New paper is out! HL Tau ALMA polarization (July 7th, 2017)

Planets form in protoplanetary disks via dust coagulation. Then, how can we measure the size of growing dust grains? We have theoretically proposed that we can constrain the grain size from millimeter-wave polarization observations of protoplanetary disks, produced by dust scattering. In this context, we observe the protoplanetary disk around HL Tau, which shows multi-ring structure presumably caused by unseen planets in the gaps, with the ALMA polarization mode. We find that the polarization is produced not by the grain alignment with magnetic fields but by the combination of the grain alignment with the radiation fields and the self-scattering of thermal dust emission, which we proposed in 2015. Also, by modeling the self-scattered component, we find that the dust grains have a size of 100 micron in the protoplanetary disk.

Moved to NAOJ as a NAOJ fellow (April 1st, 2017)

hired as Humboldt Research Fellow (December 1st, 2016)

moved to Heidelberg University as a JSPS fellow (April 1st, 2015)

Award: Nagakura research award of SOKENDAI (March 24th, 2015)

I was awarded the Nagakura research award of SOKENDAI.
see the webpage (Japanese)

PhD (Sep.30th, 2014)

The title of the thesis is "Planetesimal Formation via Fluffy Dust Aggregates"

Division of Theoretical Astronomy, NAOJ

Award: President prize of SOKENDAI (April 7th, 2014)

I was awarded the president prize of SOKENDAI.

With my grandfather, on Hayama campus.

Award: Best Presentation Award (Nov.24, 2013)

I was awarded the best presentation prize at the Japanese Society for Planetary Sciences 2013: see the webpage (Japanese)

Press release: The seeds of planets are fluffy (Oct.4, 2013)

See the webpage for more details.

Planetesimal Formation via Fluffy aggregates:
the new paper was selected to highlighted papers of A&A again! (Aug.14, 2013)

See the highlighted papers of A&A for more details.

It has been a long-standing puzzle that millimeter- to meter-sized grains tend to drift very rapidly towards their parent star, particularly with observational evidence that these grains are present in circumstellar disks more or less independently of their age. The fact that these grains may be porous and not compact and would thus drift much more slowly has been advocated as a possible solution. Nevertheless, the puzzle has remained unsolved because asteroids and comets with a very low porosity (down to a density of 0.00001 g/cm^3!) have never been observed. The authors propose a way around this and show that grains should first grow by becoming extremely porous before being compacted by gas drag and then by self-gravity. This model can account for the observed population of comets and their comparatively high densities (about 0.1 to 1 g/cm3) by assuming that they are the remnants of planetesimals of sizes of order 10 km and beyond.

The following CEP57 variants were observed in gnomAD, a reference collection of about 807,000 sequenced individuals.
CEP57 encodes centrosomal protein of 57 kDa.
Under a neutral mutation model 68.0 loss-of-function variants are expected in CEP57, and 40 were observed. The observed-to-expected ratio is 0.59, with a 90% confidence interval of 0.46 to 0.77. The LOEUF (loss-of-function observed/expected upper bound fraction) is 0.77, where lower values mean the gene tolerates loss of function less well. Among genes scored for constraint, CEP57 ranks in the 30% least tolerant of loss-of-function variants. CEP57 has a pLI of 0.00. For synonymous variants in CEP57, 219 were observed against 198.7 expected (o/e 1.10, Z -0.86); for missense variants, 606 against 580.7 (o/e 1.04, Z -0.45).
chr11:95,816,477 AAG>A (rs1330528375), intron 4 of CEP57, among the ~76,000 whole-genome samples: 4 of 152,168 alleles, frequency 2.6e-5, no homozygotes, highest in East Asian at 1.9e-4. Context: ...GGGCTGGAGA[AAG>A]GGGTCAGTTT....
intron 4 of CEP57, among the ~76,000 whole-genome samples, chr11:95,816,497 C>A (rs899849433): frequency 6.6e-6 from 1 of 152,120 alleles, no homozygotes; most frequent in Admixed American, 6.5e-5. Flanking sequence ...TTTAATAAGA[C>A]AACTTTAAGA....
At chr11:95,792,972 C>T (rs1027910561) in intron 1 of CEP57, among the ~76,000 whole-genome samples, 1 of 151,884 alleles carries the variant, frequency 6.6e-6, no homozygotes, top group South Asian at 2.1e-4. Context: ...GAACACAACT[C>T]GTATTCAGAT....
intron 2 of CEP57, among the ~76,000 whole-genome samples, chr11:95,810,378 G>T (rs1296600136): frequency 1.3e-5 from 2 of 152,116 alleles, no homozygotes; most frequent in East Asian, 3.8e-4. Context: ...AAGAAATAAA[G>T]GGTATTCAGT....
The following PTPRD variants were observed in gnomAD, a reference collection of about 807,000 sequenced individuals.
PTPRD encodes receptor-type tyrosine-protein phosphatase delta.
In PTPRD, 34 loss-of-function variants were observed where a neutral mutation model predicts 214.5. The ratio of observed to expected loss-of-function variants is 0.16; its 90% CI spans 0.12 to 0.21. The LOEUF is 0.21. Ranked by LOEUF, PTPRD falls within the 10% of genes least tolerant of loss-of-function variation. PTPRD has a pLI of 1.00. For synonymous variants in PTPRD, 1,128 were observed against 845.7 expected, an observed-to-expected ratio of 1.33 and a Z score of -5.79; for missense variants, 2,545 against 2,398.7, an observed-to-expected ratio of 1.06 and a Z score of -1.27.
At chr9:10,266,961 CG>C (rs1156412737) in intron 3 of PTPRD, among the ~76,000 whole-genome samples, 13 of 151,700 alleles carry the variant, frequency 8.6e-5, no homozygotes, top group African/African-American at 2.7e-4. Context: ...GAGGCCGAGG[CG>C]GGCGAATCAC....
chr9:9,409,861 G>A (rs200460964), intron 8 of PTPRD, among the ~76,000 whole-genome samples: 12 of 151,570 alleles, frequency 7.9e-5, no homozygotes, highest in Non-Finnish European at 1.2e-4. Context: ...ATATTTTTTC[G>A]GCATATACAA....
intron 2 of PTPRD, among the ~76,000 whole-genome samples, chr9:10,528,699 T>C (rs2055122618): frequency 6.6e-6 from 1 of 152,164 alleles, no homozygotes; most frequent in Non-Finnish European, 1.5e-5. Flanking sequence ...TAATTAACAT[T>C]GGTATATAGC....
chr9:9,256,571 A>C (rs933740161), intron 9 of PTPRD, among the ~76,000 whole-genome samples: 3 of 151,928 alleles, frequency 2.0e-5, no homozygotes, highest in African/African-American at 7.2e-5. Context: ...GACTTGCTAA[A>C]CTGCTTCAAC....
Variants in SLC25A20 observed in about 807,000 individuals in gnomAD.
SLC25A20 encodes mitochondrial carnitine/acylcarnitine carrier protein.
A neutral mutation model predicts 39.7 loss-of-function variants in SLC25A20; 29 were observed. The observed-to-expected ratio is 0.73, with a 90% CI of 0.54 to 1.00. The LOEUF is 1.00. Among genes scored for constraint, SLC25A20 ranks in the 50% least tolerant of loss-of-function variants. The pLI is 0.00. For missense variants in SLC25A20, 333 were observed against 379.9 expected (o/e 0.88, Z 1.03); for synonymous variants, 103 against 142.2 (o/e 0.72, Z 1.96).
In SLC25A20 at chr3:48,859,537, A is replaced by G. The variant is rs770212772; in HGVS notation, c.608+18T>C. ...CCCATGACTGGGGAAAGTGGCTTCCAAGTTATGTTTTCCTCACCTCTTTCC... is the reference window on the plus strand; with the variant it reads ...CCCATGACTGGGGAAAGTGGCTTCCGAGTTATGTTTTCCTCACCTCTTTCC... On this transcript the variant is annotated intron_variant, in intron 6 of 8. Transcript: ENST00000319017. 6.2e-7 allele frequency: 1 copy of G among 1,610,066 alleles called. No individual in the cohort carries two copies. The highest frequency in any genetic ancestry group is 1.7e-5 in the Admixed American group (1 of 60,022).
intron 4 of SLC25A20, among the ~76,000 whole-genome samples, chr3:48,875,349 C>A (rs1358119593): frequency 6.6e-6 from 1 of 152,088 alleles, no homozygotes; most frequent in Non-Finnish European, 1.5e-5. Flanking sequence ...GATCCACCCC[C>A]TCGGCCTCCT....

Static compression of porous dust aggregates:
the new paper was selected to highlighted papers of A&A! (May.28, 2013)

See the highlighted papers of A&A for more details.

Understanding the structure and growth of ice particules in circumstellar disks is key in analyzing observations of these disks and inferring the consequences for planet formation. Grains had been considered spherical and compact, with a density equal to that of ice, i.e. about 1 g/cm3, until recent work has pointed out that growth tends to form fluffy, very fluffy aggregates with densities as low as 0.00001 g/cm3 and planetesimal sizes. However, no such objects have been observed today, and it is thus critical to understand how we can transform fluffy aggregates into (relatively) dense planetesimals. The work by Kataoka et al. is a first step in that direction: Using numerical experiments they derive a relation between the pressure that is applied to the aggregates (e.g., due to gas drag in the disk) and their filling factor (i.e., their physical density). They show that the filling factor is equal to the size of the monomers forming the aggregates multiplied by the cube root of the ratio of the pressure that is applied to the roll energy of the monomers. This relation will be crucial for understanding the history of the evolution of grains and planetesimals in disks.